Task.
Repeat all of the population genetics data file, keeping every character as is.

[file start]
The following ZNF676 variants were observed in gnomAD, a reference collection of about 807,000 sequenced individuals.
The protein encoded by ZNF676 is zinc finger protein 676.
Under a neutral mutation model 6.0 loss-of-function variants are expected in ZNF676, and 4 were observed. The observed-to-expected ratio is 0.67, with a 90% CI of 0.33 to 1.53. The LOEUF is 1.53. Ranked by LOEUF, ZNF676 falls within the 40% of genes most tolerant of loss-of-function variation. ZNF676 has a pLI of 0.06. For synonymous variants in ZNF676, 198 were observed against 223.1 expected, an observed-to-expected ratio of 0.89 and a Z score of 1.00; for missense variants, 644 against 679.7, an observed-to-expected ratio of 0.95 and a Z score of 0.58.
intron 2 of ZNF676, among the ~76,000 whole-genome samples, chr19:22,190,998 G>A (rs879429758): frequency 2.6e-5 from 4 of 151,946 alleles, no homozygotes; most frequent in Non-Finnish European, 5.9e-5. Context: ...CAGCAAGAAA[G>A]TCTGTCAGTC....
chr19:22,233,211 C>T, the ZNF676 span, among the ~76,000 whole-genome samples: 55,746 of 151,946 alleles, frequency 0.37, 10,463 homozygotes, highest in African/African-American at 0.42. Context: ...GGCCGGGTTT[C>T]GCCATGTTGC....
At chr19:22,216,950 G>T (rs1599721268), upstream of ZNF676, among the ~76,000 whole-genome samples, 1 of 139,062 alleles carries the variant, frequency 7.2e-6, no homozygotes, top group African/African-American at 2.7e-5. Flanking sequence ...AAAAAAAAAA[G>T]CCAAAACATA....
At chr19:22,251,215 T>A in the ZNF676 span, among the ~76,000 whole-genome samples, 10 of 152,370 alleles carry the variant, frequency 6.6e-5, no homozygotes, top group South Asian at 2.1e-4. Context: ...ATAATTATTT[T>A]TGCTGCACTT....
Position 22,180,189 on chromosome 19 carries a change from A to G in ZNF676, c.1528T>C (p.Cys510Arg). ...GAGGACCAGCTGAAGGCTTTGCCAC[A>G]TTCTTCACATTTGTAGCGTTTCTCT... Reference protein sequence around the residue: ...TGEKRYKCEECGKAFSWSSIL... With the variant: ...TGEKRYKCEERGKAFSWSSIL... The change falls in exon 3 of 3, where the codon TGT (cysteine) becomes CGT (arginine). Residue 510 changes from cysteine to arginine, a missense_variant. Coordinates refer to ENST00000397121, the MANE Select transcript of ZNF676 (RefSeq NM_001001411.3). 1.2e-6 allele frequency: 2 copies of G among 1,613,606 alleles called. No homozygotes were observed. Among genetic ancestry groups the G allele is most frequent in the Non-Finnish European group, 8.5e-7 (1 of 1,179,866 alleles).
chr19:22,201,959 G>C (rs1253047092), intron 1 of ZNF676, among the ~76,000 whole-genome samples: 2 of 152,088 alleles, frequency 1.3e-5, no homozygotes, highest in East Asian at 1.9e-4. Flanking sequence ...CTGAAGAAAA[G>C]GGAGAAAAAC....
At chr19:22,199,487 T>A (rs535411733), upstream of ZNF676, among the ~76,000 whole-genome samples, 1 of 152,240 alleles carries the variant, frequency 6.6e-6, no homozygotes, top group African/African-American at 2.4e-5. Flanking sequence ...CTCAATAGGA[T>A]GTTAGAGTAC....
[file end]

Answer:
The following ZNF676 variants were observed in gnomAD, a reference collection of about 807,000 sequenced individuals.
The protein encoded by ZNF676 is zinc finger protein 676.
Under a neutral mutation model 6.0 loss-of-function variants are expected in ZNF676, and 4 were observed. The observed-to-expected ratio is 0.67, with a 90% CI of 0.33 to 1.53. The LOEUF is 1.53. Ranked by LOEUF, ZNF676 falls within the 40% of genes most tolerant of loss-of-function variation. ZNF676 has a pLI of 0.06. For synonymous variants in ZNF676, 198 were observed against 223.1 expected, an observed-to-expected ratio of 0.89 and a Z score of 1.00; for missense variants, 644 against 679.7, an observed-to-expected ratio of 0.95 and a Z score of 0.58.
intron 2 of ZNF676, among the ~76,000 whole-genome samples, chr19:22,190,998 G>A (rs879429758): frequency 2.6e-5 from 4 of 151,946 alleles, no homozygotes; most frequent in Non-Finnish European, 5.9e-5. Context: ...CAGCAAGAAA[G>A]TCTGTCAGTC....
chr19:22,233,211 C>T, the ZNF676 span, among the ~76,000 whole-genome samples: 55,746 of 151,946 alleles, frequency 0.37, 10,463 homozygotes, highest in African/African-American at 0.42. Context: ...GGCCGGGTTT[C>T]GCCATGTTGC....
At chr19:22,216,950 G>T (rs1599721268), upstream of ZNF676, among the ~76,000 whole-genome samples, 1 of 139,062 alleles carries the variant, frequency 7.2e-6, no homozygotes, top group African/African-American at 2.7e-5. Flanking sequence ...AAAAAAAAAA[G>T]CCAAAACATA....
At chr19:22,251,215 T>A in the ZNF676 span, among the ~76,000 whole-genome samples, 10 of 152,370 alleles carry the variant, frequency 6.6e-5, no homozygotes, top group South Asian at 2.1e-4. Context: ...ATAATTATTT[T>A]TGCTGCACTT....
Position 22,180,189 on chromosome 19 carries a change from A to G in ZNF676, c.1528T>C (p.Cys510Arg). ...GAGGACCAGCTGAAGGCTTTGCCAC[A>G]TTCTTCACATTTGTAGCGTTTCTCT... Reference protein sequence around the residue: ...TGEKRYKCEECGKAFSWSSIL... With the variant: ...TGEKRYKCEERGKAFSWSSIL... The change falls in exon 3 of 3, where the codon TGT (cysteine) becomes CGT (arginine). Residue 510 changes from cysteine to arginine, a missense_variant. Coordinates refer to ENST00000397121, the MANE Select transcript of ZNF676 (RefSeq NM_001001411.3). 1.2e-6 allele frequency: 2 copies of G among 1,613,606 alleles called. No homozygotes were observed. Among genetic ancestry groups the G allele is most frequent in the Non-Finnish European group, 8.5e-7 (1 of 1,179,866 alleles).
chr19:22,201,959 G>C (rs1253047092), intron 1 of ZNF676, among the ~76,000 whole-genome samples: 2 of 152,088 alleles, frequency 1.3e-5, no homozygotes, highest in East Asian at 1.9e-4. Flanking sequence ...CTGAAGAAAA[G>C]GGAGAAAAAC....
At chr19:22,199,487 T>A (rs535411733), upstream of ZNF676, among the ~76,000 whole-genome samples, 1 of 152,240 alleles carries the variant, frequency 6.6e-6, no homozygotes, top group African/African-American at 2.4e-5. Flanking sequence ...CTCAATAGGA[T>A]GTTAGAGTAC....